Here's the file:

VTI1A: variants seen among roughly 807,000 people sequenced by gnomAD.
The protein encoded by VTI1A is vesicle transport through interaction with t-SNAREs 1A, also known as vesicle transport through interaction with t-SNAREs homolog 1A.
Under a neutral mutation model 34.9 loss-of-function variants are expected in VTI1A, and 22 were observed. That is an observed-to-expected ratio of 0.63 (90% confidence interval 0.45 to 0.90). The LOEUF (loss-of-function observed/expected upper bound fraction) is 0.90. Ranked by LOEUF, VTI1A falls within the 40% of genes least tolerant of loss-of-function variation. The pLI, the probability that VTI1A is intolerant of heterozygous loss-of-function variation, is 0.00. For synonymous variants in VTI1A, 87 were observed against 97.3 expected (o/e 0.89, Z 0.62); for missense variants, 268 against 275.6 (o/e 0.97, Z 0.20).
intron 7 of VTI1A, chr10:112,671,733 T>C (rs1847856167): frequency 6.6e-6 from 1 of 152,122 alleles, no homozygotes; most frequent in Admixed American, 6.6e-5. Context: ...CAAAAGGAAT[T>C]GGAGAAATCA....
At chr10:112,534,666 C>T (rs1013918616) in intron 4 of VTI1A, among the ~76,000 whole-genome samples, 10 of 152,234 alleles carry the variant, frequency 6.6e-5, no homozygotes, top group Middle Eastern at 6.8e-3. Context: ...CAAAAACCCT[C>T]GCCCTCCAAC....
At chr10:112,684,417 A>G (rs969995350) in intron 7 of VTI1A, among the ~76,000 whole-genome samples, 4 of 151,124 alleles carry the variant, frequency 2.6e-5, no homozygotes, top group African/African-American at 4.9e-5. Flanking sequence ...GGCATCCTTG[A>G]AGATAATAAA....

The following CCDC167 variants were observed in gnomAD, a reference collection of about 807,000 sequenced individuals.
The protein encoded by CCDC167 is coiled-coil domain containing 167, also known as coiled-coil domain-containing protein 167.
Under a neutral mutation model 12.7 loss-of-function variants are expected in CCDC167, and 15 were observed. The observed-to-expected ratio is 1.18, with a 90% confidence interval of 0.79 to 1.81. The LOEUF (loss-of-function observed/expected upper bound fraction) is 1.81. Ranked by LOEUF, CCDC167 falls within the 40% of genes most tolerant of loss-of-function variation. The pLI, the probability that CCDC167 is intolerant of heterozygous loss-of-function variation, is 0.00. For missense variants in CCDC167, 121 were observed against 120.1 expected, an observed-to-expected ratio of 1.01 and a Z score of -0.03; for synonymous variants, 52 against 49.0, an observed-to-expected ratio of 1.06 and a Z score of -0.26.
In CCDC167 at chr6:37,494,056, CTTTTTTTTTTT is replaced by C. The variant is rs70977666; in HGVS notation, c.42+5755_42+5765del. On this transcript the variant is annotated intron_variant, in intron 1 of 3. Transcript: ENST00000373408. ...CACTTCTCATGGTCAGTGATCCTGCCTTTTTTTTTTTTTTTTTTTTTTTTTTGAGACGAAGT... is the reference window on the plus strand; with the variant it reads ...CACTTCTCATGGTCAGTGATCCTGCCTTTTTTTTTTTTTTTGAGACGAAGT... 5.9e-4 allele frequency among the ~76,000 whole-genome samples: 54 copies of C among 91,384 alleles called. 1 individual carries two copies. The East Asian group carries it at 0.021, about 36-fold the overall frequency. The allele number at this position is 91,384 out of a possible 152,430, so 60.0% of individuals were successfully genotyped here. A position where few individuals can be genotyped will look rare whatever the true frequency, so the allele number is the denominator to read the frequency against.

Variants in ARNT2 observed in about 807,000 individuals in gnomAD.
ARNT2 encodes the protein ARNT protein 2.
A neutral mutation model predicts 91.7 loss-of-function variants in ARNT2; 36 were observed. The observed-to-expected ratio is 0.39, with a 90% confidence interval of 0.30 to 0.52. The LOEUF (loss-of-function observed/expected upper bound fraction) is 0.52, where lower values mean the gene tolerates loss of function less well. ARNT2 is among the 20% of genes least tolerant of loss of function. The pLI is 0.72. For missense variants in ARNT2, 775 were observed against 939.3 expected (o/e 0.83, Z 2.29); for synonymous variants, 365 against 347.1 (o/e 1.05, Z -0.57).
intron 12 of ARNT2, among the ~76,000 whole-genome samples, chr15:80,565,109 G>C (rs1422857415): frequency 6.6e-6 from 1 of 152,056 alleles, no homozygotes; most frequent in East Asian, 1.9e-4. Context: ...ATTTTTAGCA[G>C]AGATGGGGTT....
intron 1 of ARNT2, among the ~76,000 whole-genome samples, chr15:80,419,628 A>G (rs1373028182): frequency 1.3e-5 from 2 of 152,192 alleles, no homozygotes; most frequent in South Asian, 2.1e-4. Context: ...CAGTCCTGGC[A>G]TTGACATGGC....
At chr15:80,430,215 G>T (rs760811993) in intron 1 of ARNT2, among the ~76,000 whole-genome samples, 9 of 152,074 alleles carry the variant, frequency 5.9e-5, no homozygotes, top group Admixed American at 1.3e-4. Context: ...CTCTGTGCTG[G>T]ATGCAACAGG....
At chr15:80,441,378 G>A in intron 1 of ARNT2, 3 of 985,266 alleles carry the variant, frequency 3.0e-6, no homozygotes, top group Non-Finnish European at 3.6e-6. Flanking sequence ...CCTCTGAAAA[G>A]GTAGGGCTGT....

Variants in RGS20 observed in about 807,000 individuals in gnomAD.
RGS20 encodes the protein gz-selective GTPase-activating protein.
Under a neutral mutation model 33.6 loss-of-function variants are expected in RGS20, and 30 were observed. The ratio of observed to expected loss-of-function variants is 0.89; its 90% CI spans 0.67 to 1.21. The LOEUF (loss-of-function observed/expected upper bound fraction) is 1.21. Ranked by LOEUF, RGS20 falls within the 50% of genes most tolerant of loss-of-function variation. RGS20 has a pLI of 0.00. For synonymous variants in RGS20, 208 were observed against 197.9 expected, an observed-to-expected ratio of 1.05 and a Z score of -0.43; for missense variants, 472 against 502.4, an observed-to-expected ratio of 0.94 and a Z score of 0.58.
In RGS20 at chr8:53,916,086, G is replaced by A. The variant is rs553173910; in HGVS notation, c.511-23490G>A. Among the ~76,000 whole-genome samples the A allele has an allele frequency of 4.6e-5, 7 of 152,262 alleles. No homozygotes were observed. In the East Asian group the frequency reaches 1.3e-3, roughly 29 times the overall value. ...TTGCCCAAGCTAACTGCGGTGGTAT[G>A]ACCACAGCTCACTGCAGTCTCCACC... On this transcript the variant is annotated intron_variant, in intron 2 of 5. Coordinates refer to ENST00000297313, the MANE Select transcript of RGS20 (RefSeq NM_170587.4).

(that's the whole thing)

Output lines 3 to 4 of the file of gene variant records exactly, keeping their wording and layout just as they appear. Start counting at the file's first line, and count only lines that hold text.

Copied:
Under a neutral mutation model 34.9 loss-of-function variants are expected in VTI1A, and 22 were observed. That is an observed-to-expected ratio of 0.63 (90% confidence interval 0.45 to 0.90). The LOEUF (loss-of-function observed/expected upper bound fraction) is 0.90. Ranked by LOEUF, VTI1A falls within the 40% of genes least tolerant of loss-of-function variation. The pLI, the probability that VTI1A is intolerant of heterozygous loss-of-function variation, is 0.00. For synonymous variants in VTI1A, 87 were observed against 97.3 expected (o/e 0.89, Z 0.62); for missense variants, 268 against 275.6 (o/e 0.97, Z 0.20).
intron 7 of VTI1A, chr10:112,671,733 T>C (rs1847856167): frequency 6.6e-6 from 1 of 152,122 alleles, no homozygotes; most frequent in Admixed American, 6.6e-5. Context: ...CAAAAGGAAT[T>C]GGAGAAATCA....